Obama did cut a deal with Clinton, of course.  He let her have State, so she could influence foreign policy, the ONE policy area where she was to his right.
_ _ _ _ _ _ _

Amanda Marcotte, who writes for Salon and Pandagon, actually knew John Edwards and had worked for him briefly before being interviewed by the FBI fishing expedition agents.

Few things are more disconcerting than answering your door wearing shorts and a tank top and finding be-suited FBI agents sticking badges in your face and asking to speak to you about a former, remarkably brief job you held three years prior. As soon as the agents dropped the name “John Edwards,” I figured that no matter what this was about, I might as well let them in and be as cooperative as possible.
After a few questions about my two weeks on the campaign, it became obvious to everyone in the room that they were wasting their time with me because I had literally no information whatsoever about the campaign’s finances, much less any potential financial irregularities, leaving me nearly apologizing to them as I let them out of the apartment 10 minutes later. All I could do after such a weird event was to hop on chat to tell a friend, “Huh, I think maybe John Edwards is in trouble for campaign finance law violations.”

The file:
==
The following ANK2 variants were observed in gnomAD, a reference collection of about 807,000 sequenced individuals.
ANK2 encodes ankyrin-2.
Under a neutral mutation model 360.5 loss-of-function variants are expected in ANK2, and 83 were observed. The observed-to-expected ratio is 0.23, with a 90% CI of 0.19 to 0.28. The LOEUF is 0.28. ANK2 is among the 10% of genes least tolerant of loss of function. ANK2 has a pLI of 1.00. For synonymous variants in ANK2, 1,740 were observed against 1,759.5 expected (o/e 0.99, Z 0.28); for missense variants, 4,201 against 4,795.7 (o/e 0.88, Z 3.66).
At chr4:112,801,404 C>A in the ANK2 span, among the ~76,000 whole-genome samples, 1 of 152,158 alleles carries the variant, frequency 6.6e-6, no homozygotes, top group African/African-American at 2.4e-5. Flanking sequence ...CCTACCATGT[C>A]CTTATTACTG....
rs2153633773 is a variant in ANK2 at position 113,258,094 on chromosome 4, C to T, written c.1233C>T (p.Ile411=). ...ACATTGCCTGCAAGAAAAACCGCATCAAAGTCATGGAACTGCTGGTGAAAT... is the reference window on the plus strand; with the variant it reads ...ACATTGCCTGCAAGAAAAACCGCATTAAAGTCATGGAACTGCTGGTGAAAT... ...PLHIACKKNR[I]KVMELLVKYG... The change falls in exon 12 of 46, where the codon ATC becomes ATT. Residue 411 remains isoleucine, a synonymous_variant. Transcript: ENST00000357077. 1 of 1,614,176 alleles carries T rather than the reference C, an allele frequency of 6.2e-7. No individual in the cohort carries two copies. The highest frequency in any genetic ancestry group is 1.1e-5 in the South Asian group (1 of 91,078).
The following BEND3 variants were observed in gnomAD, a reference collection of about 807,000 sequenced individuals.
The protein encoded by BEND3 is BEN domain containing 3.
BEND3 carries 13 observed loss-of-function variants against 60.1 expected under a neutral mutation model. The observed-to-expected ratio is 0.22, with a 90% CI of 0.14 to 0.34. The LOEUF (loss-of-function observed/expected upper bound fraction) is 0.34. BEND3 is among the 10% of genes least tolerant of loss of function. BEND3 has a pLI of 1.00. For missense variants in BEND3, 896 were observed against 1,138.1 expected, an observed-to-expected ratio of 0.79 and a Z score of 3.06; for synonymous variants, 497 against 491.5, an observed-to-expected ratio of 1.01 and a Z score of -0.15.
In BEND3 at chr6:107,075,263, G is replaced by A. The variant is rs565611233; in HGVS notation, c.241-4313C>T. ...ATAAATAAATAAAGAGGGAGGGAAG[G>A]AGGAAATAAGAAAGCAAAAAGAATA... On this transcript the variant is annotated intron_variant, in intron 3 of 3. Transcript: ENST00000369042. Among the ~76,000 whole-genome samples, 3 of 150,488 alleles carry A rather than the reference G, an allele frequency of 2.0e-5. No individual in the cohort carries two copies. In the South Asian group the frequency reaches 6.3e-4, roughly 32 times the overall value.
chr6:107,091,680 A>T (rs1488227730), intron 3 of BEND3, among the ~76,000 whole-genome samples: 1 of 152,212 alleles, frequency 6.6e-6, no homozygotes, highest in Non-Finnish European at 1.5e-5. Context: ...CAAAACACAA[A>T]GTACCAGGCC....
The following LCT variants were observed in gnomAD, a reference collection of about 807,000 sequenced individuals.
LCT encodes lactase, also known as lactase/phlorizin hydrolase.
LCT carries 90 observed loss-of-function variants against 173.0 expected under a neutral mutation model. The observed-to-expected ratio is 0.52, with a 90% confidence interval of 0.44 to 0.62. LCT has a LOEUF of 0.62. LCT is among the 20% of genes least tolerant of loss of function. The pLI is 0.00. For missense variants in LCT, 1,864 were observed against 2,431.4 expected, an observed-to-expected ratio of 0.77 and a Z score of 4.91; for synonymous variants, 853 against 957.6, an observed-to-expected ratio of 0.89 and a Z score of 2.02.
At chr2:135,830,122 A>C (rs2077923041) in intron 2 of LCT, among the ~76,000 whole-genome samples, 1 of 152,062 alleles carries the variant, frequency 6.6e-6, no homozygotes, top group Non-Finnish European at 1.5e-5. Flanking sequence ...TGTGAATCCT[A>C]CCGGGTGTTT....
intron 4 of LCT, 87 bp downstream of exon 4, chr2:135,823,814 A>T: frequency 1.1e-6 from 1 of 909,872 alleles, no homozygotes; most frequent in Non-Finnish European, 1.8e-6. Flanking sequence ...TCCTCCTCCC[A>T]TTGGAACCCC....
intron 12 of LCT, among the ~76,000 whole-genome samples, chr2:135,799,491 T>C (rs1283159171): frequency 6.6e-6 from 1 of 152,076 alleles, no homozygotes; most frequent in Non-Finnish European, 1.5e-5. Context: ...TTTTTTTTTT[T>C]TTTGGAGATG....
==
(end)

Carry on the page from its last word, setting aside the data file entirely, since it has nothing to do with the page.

It all seemed very serious to me at the time, which is why I was astonished when the charges finally emerged. It seemed that federal prosecutors desperately wanted to find a way to legally punish Edwards for adultery, and their only hope of doing that was to reclassify hush money paid by private Edwards supporters directly to Rielle Hunter and Andrew Young as a campaign contributions, even though the money didn’t go to the campaign and “hush money for mistresses” has never before been treated like a traditional campaign expense. Luckily, the jury seems to have seen through the ruse, finding Edwards not guilty of one charge, and drawing a mistrial on the rest.

With the news of Karl Rove crowing about how he intends to spend $1 billion in untraceable funds to beat Obama in 2012, it looks particularly ridiculous for the government to waste resources on a showboat prosecution. Even the conservative news magazine National Review had to denounce the prosecution as a waste. John Edwards has been disgraced, humiliated and run out of politics. Bringing the full force of the law down on him on top of it all just seems greedy.

It’s become customary in politically obsessed circles for observers to preen about how they knew that Edwards was bad news all along. His lawyerly ways! His sentimental stories about growing up working class! His hair! How could his silly supporters not see him for the philandering phony he so clearly was?

Of course, a quick perusal of the John Edwards of 2007 demonstrates that this sort of hindsight owes more to revisionist wishful thinking than a correct assessment of the evidence at the time. Back then, the other potential Democratic nominees, Hillary Clinton and Barack Obama, were widely and correctly perceived as timid centrists who had a knee-jerk tendency to run from conflict the second conservatives ruffled their feathers.